71. SEDGE WARBLER (ruokokerttunen) 72. GREYLAG GOOSE (merihanhi) 73. GREY HERON (harmaahaikara) 74. COMMON SNIPE (taivaanvuohi) 75. RUFF (suokukko) 76. REDWING (punakylkirastas) 77. OSPREY (kalasääski) 78. LOON (kuikka) 79. WOOD WARBLER (sirittäjä) 80. EURASIAN NUTHATCH (pähkinänakkeli)


Rare Eurasian Nuthatch climbing up and down along the tree trunk.

81. FERAL PIGEON (kesykyyhky) 82. SONG THRUSH (laulurastas) 83. COMMON SANDPIPER (rantasipi) 84. RED-NECKED-GREBE (härkälintu) 85. LESSER BLACK-BACKED GULL (selkälokki) 86. SPOTTED FLYCATCHER (harmaasieppo) 87. EURASIAN SISKIN (vihervarpunen) 88. WILLOW TIT (hömötiainen) 89. COAL TIT (kuusitiainen) 90. TREECREEPER (puukiipijä)


A group of Long-Tailed Tits spotted on a walk in Espoo central park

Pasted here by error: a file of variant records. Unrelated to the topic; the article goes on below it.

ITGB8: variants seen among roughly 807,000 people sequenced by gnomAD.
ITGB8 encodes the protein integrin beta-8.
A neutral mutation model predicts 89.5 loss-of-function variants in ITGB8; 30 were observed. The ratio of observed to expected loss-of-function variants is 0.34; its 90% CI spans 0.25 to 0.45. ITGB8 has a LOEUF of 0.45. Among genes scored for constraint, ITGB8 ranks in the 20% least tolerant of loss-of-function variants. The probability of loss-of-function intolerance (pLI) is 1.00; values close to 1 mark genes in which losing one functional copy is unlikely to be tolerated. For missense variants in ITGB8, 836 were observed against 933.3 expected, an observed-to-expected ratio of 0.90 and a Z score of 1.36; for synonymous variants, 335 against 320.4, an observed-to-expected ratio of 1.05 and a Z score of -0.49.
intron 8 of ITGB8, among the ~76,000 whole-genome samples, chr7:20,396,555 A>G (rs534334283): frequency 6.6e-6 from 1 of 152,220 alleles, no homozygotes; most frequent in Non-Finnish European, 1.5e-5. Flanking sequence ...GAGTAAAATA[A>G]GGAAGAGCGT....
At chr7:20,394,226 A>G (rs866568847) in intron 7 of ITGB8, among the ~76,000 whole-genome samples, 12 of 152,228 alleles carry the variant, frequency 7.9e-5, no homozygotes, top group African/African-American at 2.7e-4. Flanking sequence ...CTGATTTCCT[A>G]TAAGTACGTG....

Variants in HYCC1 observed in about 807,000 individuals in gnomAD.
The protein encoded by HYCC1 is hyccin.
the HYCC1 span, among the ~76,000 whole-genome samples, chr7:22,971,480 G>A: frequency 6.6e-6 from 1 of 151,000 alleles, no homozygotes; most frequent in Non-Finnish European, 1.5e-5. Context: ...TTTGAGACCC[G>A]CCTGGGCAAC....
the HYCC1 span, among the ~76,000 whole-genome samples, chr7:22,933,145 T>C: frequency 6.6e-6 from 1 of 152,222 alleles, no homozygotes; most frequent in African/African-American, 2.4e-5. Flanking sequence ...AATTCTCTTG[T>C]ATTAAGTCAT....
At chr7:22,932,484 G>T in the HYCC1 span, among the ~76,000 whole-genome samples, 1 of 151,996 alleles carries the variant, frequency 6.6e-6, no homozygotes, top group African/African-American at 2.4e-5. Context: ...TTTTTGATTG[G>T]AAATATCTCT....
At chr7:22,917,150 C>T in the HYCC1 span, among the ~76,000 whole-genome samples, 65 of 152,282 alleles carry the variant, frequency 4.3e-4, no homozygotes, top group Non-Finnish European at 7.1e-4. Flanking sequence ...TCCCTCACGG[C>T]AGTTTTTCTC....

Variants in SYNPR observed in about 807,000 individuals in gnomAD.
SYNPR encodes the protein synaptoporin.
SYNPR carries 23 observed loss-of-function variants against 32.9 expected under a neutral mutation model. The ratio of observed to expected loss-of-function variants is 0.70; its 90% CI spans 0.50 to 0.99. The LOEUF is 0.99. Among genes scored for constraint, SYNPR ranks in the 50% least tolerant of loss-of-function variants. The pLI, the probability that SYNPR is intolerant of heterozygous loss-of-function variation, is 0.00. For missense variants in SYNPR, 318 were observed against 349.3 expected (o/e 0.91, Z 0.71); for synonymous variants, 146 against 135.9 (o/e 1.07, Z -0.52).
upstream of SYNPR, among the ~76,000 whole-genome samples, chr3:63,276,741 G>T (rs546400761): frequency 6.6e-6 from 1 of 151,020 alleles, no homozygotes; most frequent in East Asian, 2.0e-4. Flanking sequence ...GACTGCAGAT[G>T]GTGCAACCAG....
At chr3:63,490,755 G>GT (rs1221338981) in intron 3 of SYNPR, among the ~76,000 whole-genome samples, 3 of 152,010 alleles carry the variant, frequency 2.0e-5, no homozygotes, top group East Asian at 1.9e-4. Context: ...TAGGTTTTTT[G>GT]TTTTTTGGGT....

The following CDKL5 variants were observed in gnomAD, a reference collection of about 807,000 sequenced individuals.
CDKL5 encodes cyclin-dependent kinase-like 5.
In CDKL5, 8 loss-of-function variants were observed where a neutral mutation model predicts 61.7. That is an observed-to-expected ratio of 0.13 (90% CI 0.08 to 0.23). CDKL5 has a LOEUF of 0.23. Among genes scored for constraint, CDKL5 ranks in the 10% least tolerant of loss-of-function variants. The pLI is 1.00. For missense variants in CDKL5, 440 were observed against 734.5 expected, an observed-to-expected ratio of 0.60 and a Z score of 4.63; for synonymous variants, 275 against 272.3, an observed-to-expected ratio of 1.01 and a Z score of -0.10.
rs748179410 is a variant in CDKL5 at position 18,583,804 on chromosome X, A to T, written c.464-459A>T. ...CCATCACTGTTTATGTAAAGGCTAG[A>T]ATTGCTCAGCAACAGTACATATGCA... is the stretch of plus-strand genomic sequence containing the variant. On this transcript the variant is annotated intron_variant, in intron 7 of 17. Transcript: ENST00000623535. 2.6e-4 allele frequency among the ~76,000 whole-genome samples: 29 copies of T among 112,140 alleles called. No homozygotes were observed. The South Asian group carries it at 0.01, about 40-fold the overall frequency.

91. LONG-TAILED TIT (pyrstötiainen) 92. WILLOW WARBLER (pajulintu) 93. BLACK WOODPECKER (palokärki) 94. GOLDCREST (hippiäinen) 95. COMMON BUZZARD (hiirihaukka) 96. HEN HARRIER (sinisuohaukka) 97. DUNLIN (suosirri) 98. ROUGH-LEGGED BUZZARD (piekana) 99. BRENT GOOSE (sepelhanhi) 100. DUNNOCK (rautiainen)


A Black Woodpecker seen through my living room window.

101. GREY-HEADED WOODPECKER (harmaapäätikka) 102. WAXWING (tilhi) 103. LESSER SPOTTED WOODPECKER (pikkutikka) 104. BEARDED TIT (viiksitimali) 105. WHITE-THROATED DIPPER (koskikara)


White-Throated Dipper enjoying the melt stream just before Xmas.